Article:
Hello everyone! This is a friendly reminder that any of these fun places we may visit, we are a guest at. Please treat both businesses and trails with the utmost respect. We here at Hidden San Diego follow the 'Leave no Trace' mantra, meaning whatever you bring with you comes back with you. If you see trash on a trail, please do your part to help remove it. Remember, we are not picking up trash from another person but instead cleaning up for Mother Nature. Happy adventures!

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14592-14674 CA-79
Julian, CA 92036

32.986787, -116.583558

Hike: there are many hiking trails on this land    Level: Each hike varies in level

Dog-Friendly: Yes    Kid-Friendly: Yes

**Check out our list of all hidden gems in Cuyamaca!**

About Cuyamaca State Park

For those who are looking for an authentic back-country, mountain getaway, you really need to look no further than Cuyamaca. The park is 26,000 acres and features a lovely lake that you can easily spend a full day at.

There are hiking trails, camping options, fishing, cabins and a restaurant over-looking the lake.  It also gets four seasons here which means autumn leaves and snow!

The park includes Cuyamaca Peak which is the 2nd highest peak in San Diego County, next to Hot Springs Mountain.

Indigenous Peoples in the area date back a minimum of 7000 years. Traces of their ancient and pre-contact civilizations are within the park, which is a Cuyamaca complex archeological site. Early bedrock mortars mark the sites of summer camps and villages. Even the name “Cuyamaca” is a Spanish version of the name the native Kumeyaay peoples used for this place. In water-short Southern California, the Natives call the area Ekwii àa muck meaning “the place where it rains.”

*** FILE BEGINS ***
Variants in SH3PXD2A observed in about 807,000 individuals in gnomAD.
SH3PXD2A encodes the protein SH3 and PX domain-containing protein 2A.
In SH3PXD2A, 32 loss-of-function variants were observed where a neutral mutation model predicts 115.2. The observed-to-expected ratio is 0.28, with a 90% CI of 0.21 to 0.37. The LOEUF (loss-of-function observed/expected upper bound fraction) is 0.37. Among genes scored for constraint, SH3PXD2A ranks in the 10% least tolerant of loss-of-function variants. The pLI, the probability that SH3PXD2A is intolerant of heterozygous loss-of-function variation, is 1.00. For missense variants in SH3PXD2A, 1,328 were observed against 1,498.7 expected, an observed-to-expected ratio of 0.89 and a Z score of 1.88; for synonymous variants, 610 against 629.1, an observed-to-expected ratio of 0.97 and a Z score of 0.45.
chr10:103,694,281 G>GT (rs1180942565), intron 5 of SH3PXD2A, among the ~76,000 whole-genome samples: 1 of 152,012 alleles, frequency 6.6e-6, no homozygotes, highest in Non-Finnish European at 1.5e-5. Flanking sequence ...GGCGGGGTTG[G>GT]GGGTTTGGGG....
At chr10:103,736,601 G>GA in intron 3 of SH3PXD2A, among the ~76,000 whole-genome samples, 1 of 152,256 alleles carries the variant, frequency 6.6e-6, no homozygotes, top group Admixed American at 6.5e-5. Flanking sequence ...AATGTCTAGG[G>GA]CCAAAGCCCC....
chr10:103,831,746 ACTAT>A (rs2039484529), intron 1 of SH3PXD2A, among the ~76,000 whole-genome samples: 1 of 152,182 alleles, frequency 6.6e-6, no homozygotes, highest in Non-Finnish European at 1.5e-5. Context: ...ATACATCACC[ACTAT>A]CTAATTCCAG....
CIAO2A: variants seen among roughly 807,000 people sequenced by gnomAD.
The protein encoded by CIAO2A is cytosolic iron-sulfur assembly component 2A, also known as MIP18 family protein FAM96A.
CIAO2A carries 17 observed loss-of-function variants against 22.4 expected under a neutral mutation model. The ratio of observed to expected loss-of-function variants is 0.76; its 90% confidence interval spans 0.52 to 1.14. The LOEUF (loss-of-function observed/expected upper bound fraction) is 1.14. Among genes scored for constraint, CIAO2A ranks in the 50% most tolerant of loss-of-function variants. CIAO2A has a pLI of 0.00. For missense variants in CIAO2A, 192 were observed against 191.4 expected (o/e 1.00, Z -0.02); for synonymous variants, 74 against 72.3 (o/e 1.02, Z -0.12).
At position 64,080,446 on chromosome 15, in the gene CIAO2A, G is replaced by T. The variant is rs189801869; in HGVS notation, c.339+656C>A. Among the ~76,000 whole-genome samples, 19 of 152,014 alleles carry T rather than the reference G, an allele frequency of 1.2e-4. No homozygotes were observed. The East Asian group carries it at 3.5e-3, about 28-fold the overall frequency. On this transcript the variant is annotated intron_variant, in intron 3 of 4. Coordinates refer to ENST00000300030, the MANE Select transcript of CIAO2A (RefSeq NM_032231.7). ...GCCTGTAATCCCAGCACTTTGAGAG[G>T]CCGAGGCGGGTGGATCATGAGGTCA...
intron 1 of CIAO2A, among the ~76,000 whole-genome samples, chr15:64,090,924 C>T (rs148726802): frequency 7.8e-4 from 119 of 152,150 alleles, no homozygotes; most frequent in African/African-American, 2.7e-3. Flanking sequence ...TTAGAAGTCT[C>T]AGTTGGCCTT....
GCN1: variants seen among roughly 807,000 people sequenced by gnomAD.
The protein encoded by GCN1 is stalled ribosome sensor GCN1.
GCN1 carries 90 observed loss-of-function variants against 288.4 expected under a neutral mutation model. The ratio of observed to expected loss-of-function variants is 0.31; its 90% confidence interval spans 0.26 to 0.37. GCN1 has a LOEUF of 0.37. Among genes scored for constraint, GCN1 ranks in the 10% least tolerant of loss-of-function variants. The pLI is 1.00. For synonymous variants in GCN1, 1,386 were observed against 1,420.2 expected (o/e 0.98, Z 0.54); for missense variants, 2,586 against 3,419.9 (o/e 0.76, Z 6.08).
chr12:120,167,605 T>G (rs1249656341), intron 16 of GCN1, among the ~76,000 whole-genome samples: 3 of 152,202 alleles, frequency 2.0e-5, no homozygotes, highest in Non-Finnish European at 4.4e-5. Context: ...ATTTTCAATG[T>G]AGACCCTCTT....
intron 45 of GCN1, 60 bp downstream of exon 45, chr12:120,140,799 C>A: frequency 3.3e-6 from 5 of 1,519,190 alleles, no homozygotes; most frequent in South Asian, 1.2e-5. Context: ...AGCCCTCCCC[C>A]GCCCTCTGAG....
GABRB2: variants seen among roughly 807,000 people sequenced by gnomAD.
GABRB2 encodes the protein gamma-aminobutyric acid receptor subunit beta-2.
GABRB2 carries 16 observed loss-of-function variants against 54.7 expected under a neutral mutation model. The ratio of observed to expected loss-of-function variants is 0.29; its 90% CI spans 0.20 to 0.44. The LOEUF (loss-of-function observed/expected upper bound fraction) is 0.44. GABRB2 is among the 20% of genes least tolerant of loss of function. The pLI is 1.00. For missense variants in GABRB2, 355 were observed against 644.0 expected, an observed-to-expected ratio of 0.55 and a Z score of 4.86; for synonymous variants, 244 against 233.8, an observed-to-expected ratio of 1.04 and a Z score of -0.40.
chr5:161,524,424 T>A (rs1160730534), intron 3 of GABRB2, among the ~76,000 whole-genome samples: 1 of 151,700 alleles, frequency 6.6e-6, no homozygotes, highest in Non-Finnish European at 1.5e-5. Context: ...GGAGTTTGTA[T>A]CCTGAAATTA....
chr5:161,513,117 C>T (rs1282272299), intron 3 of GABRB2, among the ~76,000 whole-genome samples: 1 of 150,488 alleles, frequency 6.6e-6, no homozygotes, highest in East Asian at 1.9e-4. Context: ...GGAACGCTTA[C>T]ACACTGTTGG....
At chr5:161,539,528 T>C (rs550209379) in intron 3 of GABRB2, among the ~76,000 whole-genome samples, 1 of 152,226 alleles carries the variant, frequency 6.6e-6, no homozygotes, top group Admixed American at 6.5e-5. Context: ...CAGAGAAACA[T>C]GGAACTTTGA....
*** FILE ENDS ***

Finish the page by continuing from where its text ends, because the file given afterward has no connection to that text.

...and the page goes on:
Kumeyaay peoples’ traditional lands range from San Diego east through the Cuyamaca and the Laguna Mountains through present day Anza-Borrego Desert State Park to beyond the Salton Sea in the east, and south beyond present day Ensenada, Baja California on the Baja California Peninsula in Mexico. A typical band’s typical range was a 20-mile (30 km) radius from their winter home. Today thirteen federally recognized Kumeyaay tribes are in San Diego County.
19th century

The park is located on the 1845 Rancho Cuyamaca Mexican land grant. With the discovery of gold in Julian in 1869, the Spanish, Mexican, and American governments and settlers changed the Kumeyaay’s way of life forever.

Disease spread through the Kumeyaay, traditional ways of life were destroyed, and promises broken as the Natives were expelled in 1875 from ancestral lands and taxed without representation. Currently there are about 20,000 Kumeyaay descendants in San Diego County, 10% of whom live on the 18 reservations which range from 6.3 to 122,000 acres.

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2 Reviews

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2 Reviews


  • Maks
    Rating Overall Rating Difficulty Finding

    I dont understand the tunnel is 0.23 km it takes like 5 kin to walk from start to end. And in their video they were saying that they have been walking in the tunnel for 45 min. wtf

    July 20, 2016

  • Gary
    Rating Overall Rating Difficulty Finding

    Imagine how beautiful the park would be if there were a string of beaver ponds on the Sweetwater River running through the park!

    October 18, 2022

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